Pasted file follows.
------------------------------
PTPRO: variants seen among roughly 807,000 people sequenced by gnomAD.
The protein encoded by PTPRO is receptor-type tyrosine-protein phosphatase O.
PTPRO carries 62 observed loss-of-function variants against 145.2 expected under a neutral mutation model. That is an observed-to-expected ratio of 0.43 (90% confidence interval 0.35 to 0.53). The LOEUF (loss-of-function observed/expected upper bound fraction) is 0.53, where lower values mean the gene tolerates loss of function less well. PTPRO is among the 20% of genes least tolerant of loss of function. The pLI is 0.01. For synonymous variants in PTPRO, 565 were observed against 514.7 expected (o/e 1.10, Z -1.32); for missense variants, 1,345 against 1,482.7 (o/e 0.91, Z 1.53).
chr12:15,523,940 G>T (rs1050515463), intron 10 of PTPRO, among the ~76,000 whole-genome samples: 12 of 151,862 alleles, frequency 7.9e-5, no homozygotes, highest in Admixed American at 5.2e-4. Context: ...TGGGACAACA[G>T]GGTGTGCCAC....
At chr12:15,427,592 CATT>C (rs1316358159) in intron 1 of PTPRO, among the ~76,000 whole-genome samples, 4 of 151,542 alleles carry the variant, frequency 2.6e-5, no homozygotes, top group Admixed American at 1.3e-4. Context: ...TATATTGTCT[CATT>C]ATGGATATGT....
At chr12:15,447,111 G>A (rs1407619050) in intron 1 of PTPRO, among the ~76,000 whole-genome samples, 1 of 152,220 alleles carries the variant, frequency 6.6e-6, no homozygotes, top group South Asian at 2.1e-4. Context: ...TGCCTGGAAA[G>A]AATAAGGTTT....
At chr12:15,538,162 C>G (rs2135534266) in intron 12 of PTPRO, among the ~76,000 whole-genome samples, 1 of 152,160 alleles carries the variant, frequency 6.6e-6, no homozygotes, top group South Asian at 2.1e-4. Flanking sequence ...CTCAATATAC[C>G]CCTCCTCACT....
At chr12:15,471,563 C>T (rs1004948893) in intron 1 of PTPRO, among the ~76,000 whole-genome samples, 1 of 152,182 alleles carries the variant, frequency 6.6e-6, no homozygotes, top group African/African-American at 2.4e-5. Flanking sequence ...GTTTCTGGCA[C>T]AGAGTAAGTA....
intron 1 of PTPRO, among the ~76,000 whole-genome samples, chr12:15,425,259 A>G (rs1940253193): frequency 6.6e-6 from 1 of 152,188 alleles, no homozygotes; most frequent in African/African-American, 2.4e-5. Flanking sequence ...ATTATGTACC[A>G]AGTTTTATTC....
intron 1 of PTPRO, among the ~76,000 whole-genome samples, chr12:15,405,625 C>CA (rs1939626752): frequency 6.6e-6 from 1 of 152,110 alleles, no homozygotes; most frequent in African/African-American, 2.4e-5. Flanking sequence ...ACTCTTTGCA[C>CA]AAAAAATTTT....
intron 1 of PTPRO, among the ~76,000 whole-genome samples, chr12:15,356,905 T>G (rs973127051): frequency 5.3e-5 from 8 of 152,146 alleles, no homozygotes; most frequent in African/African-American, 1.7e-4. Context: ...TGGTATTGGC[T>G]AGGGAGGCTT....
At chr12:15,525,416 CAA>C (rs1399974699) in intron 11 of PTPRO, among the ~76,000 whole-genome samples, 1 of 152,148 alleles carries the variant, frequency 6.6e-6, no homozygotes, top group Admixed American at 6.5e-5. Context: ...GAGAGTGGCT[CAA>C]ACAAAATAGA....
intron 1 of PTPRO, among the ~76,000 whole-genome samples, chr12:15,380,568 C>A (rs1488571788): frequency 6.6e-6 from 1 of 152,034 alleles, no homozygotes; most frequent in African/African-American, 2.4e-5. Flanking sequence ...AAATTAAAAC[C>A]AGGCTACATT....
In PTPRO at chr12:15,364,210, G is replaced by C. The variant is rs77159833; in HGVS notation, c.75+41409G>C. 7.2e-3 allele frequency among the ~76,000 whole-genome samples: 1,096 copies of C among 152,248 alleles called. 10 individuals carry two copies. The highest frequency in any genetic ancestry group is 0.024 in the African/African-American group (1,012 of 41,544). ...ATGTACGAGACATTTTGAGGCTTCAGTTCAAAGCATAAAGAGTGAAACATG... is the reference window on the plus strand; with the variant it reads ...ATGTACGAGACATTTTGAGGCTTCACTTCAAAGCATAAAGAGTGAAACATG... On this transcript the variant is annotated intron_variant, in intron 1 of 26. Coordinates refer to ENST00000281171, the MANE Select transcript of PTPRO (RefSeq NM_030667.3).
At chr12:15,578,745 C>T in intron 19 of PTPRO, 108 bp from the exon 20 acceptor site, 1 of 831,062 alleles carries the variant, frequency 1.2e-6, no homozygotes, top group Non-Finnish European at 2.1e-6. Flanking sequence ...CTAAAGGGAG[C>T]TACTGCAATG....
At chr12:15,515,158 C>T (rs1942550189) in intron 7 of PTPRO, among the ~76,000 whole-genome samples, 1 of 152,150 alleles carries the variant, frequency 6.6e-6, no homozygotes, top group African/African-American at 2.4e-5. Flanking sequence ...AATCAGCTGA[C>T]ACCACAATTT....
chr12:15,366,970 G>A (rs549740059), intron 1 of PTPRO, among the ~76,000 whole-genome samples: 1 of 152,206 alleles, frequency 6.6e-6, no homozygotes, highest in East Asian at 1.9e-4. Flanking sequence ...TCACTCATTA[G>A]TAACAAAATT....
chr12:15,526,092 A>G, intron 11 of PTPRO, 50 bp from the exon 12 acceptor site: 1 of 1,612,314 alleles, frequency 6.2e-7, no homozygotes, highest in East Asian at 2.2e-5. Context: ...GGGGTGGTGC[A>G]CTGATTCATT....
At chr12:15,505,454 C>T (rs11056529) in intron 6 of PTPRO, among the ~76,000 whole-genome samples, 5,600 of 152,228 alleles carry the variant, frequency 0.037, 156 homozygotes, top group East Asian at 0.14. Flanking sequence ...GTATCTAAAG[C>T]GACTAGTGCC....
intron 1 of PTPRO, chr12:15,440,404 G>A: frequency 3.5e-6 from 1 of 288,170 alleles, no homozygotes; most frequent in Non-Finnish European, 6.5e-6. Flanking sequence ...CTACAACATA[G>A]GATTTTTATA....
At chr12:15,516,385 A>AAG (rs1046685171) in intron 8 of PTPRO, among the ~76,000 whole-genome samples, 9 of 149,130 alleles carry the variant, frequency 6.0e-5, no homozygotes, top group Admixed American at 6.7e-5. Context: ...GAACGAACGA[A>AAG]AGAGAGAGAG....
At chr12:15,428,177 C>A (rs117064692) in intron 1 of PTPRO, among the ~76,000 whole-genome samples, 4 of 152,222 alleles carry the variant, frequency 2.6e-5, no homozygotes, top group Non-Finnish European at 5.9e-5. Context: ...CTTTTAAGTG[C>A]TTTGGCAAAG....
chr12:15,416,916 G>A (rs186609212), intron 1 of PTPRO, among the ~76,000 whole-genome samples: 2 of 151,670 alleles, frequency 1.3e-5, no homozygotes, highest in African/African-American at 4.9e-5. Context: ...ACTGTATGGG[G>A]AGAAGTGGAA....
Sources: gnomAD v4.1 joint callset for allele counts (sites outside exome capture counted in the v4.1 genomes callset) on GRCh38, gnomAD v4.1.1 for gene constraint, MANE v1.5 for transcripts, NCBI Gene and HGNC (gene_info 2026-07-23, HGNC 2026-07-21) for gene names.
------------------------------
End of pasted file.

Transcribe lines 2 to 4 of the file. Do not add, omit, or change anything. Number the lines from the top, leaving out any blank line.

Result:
The protein encoded by PTPRO is receptor-type tyrosine-protein phosphatase O.
PTPRO carries 62 observed loss-of-function variants against 145.2 expected under a neutral mutation model. That is an observed-to-expected ratio of 0.43 (90% confidence interval 0.35 to 0.53). The LOEUF (loss-of-function observed/expected upper bound fraction) is 0.53, where lower values mean the gene tolerates loss of function less well. PTPRO is among the 20% of genes least tolerant of loss of function. The pLI is 0.01. For synonymous variants in PTPRO, 565 were observed against 514.7 expected (o/e 1.10, Z -1.32); for missense variants, 1,345 against 1,482.7 (o/e 0.91, Z 1.53).
chr12:15,523,940 G>T (rs1050515463), intron 10 of PTPRO, among the ~76,000 whole-genome samples: 12 of 151,862 alleles, frequency 7.9e-5, no homozygotes, highest in Admixed American at 5.2e-4. Context: ...TGGGACAACA[G>T]GGTGTGCCAC....